California. Trees have been planted in Texas on Lotus rootstock,
but their long-term performance is unknown.
The fruit should be allowed to hang on the tree as long as
possible unless varmints are an issue; then remove the fruit with
a gentle pull when they develop a vibrant orange color. Still,
knowing when to eat persimmons is the key to enjoying them.
Most persimmons, except ‘Fuyu’ and ‘Izu’, are astringent and
must be fully ripe and soft or the astringency will really pucker
your mouth. The astringency is caused by tannins in the peel.
The fruit usually ripens around the first fall frost. However, frost
is not necessary for reducing the tannins, softening, or ripening
the persimmon. Eventually the tannins will disappear and the
fruit will ripen and sweeten naturally. This usually happens when
fruit of astringent varieties become soft; non-astringent fruit can
be eaten as soon as they develop a deep rich orange color.
Persimmon fruit ripen equally on or off the tree. Persimmons
will store on the tree for a considerable period into the winter,
making the tree and its decorative fruit very attractive in the
landscape. The sweet, jelly-like flesh is usually
eaten fresh, although it can be dried.
Most Oriental persimmons, except ‘Eureka’,
produce seedless fruit. Seedless fruit tends to
have better eye appeal because seeded fruit that
result from cross pollination, often have darker
flesh. Since ‘Eureka’ and ‘Fuyu’ will pollinate
other varieties, do plant these two with other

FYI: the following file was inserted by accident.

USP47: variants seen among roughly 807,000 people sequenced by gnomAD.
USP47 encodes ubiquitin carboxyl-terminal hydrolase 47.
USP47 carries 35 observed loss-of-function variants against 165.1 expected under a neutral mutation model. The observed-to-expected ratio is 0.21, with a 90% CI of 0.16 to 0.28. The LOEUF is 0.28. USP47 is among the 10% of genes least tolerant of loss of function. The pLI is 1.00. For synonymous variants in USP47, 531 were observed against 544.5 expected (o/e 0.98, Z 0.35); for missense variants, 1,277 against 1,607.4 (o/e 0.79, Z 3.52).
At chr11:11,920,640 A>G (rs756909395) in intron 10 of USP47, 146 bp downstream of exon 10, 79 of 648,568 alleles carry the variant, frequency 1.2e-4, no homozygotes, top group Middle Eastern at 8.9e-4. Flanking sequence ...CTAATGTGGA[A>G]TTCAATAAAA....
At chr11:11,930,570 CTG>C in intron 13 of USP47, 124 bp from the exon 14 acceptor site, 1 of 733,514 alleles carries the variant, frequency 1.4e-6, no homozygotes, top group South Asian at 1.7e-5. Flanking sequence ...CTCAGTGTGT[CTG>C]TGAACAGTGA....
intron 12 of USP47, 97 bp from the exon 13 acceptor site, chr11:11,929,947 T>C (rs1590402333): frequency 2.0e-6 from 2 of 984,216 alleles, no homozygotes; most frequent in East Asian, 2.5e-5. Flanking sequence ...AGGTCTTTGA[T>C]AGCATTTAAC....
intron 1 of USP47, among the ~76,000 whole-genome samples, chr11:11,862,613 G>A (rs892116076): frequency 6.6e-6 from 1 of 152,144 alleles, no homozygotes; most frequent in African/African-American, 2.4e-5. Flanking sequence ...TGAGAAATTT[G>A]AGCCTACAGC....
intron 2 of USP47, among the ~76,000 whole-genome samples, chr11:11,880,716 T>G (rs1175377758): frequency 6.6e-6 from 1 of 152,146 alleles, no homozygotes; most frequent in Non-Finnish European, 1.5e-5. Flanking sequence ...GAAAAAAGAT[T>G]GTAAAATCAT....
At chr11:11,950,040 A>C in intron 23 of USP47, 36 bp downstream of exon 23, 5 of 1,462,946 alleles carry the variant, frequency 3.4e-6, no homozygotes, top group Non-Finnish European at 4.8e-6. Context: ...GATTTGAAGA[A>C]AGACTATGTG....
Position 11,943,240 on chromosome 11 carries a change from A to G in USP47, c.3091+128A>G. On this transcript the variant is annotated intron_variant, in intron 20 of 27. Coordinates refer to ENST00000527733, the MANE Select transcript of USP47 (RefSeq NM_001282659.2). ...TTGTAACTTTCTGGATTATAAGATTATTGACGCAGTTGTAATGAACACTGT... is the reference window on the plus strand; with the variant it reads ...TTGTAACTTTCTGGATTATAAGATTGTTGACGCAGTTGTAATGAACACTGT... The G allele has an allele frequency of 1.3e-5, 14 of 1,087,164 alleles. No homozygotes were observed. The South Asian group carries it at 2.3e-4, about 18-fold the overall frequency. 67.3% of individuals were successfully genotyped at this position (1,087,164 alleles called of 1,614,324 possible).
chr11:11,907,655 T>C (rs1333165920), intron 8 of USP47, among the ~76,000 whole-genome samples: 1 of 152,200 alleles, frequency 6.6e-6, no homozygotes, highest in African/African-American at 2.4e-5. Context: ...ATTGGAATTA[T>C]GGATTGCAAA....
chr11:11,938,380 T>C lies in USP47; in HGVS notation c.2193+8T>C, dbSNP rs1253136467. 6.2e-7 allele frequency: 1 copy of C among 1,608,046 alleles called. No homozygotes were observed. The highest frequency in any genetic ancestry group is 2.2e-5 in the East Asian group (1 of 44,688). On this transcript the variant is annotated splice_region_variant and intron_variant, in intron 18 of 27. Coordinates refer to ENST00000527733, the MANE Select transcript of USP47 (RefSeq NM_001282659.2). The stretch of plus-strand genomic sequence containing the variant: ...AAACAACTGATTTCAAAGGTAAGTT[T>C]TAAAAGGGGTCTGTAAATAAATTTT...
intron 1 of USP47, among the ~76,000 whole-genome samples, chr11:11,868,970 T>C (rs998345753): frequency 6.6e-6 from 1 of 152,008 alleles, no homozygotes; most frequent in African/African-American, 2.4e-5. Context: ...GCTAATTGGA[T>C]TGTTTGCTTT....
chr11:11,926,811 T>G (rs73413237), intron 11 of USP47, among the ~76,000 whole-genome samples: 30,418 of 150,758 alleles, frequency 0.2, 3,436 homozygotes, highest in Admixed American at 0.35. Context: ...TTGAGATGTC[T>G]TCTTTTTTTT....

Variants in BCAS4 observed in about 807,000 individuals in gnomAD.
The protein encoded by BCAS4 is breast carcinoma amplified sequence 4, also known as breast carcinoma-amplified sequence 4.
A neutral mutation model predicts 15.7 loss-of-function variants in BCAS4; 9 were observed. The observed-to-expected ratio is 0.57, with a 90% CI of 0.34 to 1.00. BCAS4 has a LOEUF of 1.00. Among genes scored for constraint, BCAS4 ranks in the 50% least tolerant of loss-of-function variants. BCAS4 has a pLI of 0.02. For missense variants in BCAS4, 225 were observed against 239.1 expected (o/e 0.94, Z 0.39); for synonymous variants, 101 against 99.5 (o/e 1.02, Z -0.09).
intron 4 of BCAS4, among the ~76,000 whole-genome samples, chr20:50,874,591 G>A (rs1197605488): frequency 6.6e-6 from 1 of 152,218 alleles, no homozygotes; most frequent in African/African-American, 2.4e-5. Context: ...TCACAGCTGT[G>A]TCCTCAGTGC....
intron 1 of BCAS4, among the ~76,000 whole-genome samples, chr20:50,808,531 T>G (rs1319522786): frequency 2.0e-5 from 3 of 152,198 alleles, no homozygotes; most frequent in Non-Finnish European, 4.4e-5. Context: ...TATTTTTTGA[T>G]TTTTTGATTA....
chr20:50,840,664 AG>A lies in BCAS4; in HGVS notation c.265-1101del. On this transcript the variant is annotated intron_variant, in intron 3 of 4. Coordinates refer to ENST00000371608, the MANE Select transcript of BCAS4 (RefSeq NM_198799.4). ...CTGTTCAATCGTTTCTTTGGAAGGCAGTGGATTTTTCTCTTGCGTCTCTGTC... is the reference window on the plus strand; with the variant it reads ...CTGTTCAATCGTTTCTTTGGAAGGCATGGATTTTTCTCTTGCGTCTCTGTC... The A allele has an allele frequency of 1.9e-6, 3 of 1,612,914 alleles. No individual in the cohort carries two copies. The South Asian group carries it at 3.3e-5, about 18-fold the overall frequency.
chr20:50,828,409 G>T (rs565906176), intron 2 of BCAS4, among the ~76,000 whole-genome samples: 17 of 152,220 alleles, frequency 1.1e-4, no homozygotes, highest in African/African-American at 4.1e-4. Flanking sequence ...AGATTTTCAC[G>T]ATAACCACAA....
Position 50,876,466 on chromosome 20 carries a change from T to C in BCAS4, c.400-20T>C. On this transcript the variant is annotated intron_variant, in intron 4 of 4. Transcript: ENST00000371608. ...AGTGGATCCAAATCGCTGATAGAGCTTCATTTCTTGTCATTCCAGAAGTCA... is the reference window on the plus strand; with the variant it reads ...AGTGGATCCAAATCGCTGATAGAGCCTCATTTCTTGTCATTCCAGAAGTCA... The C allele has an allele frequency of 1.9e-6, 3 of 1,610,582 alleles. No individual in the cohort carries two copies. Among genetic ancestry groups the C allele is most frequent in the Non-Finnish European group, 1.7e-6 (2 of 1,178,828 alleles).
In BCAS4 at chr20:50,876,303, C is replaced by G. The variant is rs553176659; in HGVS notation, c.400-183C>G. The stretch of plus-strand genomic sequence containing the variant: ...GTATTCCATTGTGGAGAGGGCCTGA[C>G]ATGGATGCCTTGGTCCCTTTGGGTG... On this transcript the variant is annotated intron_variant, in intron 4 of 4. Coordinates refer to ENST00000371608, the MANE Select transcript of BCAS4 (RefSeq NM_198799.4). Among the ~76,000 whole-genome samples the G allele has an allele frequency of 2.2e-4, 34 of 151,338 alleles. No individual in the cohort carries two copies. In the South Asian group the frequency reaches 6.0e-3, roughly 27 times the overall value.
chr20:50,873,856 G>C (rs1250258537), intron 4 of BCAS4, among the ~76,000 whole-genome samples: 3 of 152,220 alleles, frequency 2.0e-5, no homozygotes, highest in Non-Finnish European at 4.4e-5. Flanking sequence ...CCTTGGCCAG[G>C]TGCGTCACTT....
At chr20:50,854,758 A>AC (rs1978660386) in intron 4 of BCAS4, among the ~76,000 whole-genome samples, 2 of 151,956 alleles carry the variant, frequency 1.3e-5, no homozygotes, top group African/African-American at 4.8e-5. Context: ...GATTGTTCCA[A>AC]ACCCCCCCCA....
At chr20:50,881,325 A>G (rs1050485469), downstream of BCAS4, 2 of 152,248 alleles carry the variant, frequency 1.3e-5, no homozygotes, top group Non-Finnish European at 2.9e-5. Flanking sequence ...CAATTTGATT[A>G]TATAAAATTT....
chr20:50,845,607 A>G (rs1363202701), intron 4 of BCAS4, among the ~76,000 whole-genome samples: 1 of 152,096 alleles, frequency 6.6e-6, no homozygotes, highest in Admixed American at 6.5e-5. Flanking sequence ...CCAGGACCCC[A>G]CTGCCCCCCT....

varieties that you wish to be seedless.
Figure 4. ‘Eureka’ persimmon.
• ‘Eureka’ is heavy producing, mediumsized, flat-shaped, red persimmon of
extremely high fruit quality. The tree is
relatively small and self-fruitful. Fruit typically contain seeds. ‘Eureka’ has proven to
be the best commercial variety in Texas
(Fig. 4).
• ‘Hachiya’ is a productive, very large, coneshaped, seedless persimmon with bright
orange skin. The tree is vigorous and
upright. ‘Hachiya’ has been an outstanding
Texas variety and makes an excellent dual
purpose fruit and ornamental specimen
(Fig. 5).
Figure 5. ‘Hachiya’ persimmon.
• ‘Tane-nashi’ is a moderately productive,
cone-shaped, orange persimmon. The tree
is vigorous and upright. The fruit stores
extremely well on the tree and is seedless.
‘Tane-nashi’ makes an excellent landscape
ornamental (Fig 6).
Figure 6. ‘Tane-nashi’ persimmon.
Figure 10. ‘Fankio’ persimmon.
Figure 7. ‘Tamopan’ persimmon.
• ‘Tamopan’ is a moderately productive, very large, flat,
orange, persimmon with a distinctive ring constriction near the middle of the fruit. The tree is the most
vigorous and upright of the varieties grown in Texas
(Fig. 7).
Figure 8. ‘Fuyu’ persimmon.
• ‘Fuyu’ is a medium-sized, non-astringent, self-fruitful
persimmon. The fruit is rather flattened, orangecolored, and of high quality. It is best planted in the
southern, milder areas of the state as it is susceptible
to freeze damage (Fig. 8).
• ‘Izu’ bears medium-sized, non-astringent fruit. It
seems to be more cold hardy than ‘Fuyu ‘and ripens
in September (Fig. 9).
• ‘Fankio’ produces large, conical, with vivid gold
fruit. It is one of the prettiest persimmons; the
leaves turn bright red as the gold fruit ripens in the
fall (Fig. 10).
For more information
Figure 9. ‘Izu’ persimmon.